The fairies have a secret they’re just dying to protect…
Emma knows breaking the rules can get you into trouble; it nearly got her sister killed. That’s why Emma’s stuck in backwater Nowra, Australia, under temporary witness protection with no friends—and no life.
So when Emma has to break the rules to retrieve the runaway family dog, she decides the fairy she sees is clearly a guilt-induced hallucination. Problem is, hallucinations don’t usually send you invites to Fairyland—and shadows don’t usually chase you home.
It would be easy to ignore the invite.
It would be sensible to avoid the shadows.
But when Emma’s only new friend is snatched by the shadows in the middle of the night, Emma knows she has a decision to make: stick to the rules and leave her friend and dog to die, or risk her own life to save them.
THE DOORBELL RANG. That doesn’t sound exciting in and of itself, but let me assure you: it was the most heart-pounding thing to happen all week. It was my birthday, I was home alone, and because of the stupid witness protection business, I’d been stuck in the house all summer. I hadn’t even been allowed out to see friends, because we’d arrived in town at the end of last year with only three school weeks to go—so I didn’t have any friends.
Well. I had friends, but they were back in Melbourne, and I wasn’t allowed to contact them for fear someone would track down our new location. Lucky me.
Anyway, it was my birthday, I was alone because Mum and Dad had gone to do something regarding birthday surprises and Anna had inexplicably chosen to go with them, and the doorbell had just rung. I stared at the closed door, heart pounding, while our chocolate Labrador Veve tried to chew it down. Was I going to open it?
Of course I was going to open it. The chances of it being a mobster here to kill me were slim to none; for starters, a mobster wouldn’t have rung the bell.
I opened it.
“Miss Tanning?” The deliveryman raised a questioning eyebrow and cocked a digital pen at me.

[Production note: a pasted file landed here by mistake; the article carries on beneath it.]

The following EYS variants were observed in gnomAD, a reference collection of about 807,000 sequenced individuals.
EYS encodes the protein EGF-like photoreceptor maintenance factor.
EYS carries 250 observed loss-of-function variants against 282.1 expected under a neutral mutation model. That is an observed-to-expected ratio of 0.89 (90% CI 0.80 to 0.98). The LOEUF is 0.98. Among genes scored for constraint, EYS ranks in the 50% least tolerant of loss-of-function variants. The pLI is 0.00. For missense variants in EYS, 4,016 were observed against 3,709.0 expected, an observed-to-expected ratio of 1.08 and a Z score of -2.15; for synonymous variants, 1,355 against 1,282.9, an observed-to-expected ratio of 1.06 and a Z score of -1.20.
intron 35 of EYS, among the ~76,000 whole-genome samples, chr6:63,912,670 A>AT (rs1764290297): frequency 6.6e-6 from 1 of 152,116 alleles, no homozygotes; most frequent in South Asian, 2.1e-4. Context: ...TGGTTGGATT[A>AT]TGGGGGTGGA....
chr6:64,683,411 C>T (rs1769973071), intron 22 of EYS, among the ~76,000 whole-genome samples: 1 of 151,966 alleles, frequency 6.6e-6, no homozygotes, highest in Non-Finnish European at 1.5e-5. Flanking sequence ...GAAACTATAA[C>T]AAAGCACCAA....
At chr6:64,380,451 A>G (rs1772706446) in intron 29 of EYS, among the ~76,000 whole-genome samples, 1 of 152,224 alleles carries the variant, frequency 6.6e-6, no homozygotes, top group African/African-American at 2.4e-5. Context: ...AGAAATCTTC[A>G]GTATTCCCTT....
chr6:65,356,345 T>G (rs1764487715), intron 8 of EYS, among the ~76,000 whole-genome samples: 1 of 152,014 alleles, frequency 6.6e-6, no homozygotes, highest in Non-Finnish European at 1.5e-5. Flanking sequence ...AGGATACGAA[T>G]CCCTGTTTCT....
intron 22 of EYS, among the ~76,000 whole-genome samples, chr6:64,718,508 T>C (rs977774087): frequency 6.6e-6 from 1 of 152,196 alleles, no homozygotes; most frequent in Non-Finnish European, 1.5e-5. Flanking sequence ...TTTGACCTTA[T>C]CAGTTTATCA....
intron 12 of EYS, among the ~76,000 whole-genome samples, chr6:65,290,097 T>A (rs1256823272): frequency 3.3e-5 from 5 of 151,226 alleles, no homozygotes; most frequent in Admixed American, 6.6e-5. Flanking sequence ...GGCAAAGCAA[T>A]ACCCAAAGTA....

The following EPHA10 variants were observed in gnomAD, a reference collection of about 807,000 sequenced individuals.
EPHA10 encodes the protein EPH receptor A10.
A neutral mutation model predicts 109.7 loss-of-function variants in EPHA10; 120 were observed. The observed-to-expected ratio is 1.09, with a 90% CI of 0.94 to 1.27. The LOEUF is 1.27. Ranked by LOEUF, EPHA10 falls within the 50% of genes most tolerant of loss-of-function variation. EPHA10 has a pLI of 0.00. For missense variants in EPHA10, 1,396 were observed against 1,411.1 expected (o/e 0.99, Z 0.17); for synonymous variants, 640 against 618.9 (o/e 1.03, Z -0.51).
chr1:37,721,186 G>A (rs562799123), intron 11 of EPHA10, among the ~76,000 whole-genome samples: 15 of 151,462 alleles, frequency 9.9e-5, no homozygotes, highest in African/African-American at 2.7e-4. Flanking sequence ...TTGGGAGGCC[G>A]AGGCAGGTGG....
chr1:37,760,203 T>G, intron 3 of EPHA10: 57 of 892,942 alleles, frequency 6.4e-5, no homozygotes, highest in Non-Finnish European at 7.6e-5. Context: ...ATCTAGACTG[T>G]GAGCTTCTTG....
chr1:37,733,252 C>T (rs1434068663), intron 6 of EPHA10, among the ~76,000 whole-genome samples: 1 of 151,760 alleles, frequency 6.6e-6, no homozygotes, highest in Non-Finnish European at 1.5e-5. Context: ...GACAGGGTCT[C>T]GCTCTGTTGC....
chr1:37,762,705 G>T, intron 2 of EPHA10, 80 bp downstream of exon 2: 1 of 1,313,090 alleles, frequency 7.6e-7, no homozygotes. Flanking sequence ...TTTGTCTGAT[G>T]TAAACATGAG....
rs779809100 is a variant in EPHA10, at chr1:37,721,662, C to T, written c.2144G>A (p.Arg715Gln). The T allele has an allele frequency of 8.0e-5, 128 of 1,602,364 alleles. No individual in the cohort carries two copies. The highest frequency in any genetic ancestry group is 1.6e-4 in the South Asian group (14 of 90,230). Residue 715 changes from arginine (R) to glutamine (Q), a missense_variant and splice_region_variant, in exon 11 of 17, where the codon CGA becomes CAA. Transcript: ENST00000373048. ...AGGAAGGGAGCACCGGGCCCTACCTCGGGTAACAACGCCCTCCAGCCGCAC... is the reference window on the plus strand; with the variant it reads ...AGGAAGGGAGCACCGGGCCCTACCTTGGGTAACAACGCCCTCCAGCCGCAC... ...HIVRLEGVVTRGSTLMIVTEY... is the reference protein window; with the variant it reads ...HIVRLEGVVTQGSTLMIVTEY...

I nodded, heart flip-flopping, and scrawled a fair impersonation of my signature on the electronic pad.
He handed over a small, brown-paper parcel with a handwritten address, and departed.
I closed the door behind him, throat dry, and stared down at Veve. On the one hand, yay birthday present. On the other, holy crap, someone had our address. That was not a good thing.
It became even less of a good thing when I noticed that the parcel was indeed addressed to a Miss Tanning: a Miss Anna Tanning, as in my sister, not me, Emma Tanning.
Anger bubbled up in my chest, hot and tight, and the parcel protested in my grip.
Veve whined softly.
“How could she do this?” I whispered to Veve.
I turned the parcel over. It was from Kade, Anna’s frogging ex-boyfriend. Who apparently wasn’t an ex after all. Urgh. I ground my teeth. “You know what?” I said.
Veve looked up at me with her liquid brown eyes, tongue lolling as she smiled.
“Screw it. If Anna can get interstate mail from people who aren’t even supposed to know we exist anymore, you and I can go for a walk on my birthday. What do you think?”
They say dogs don’t speak English, but Veve sure as heck knew the word ‘walk’—though I think in her vocabulary it was something closer to ‘Magical Trip To Disneyland’ and less like ‘Comparatively Bland Meander Through Trees’. She tucked her tail right under her butt and shot down the hall, whirling in frantic circles a few times at the end before pelting back as I retrieved her lead from the drawer in the front cabinet.
I rolled my eyes as I clipped her lead onto her collar. For my troubles, I got slimed right up the nostrils. “You’re disgusting, you know that?” I wiped off the worst of the dog slobber on the shoulder of my shirt. She just grinned.
Out on the street, she leapt and twisted madly. “Hair-brain,” I told her, snapping the lead to get her attention. “It’s just a walk.”
She just snorted—and stiffened. I followed her gaze to where a flock of corellas pecked their way through the dry grass at the end of the street.
My shout was in vain: the lead burned through my fingers and Veve shot down the road, a chocolate bullet howling death and destruction for all things feathered. I cursed her to the lower circles of doggie hell. Which probably involved, I don’t know, a world devoid of birds, cats, people, sunshine, and walks, if Veve was anything to go by. “Veve!” If the sight of the mad Lab-rat barrelling towards them hadn’t scared the birds off, my shouts would have. “Come back here now!”
Predictably, she ignored me, pounding down the slope, through the fringe of gum trees, and down the narrow stairs between giant granite boulders that led to the river.
“Stupid frogging brainless beast of a stupid frogging dog,” I muttered as I followed. “If Mum gets home before we do and freaks out, I swear, I’ll pluck your tail hairs out.” Empty threats, obviously, but Mum’s freak-out wouldn’t be. Her thoughts would go straight to the day Anna nearly died—and I wouldn’t blame her. I should have left a note.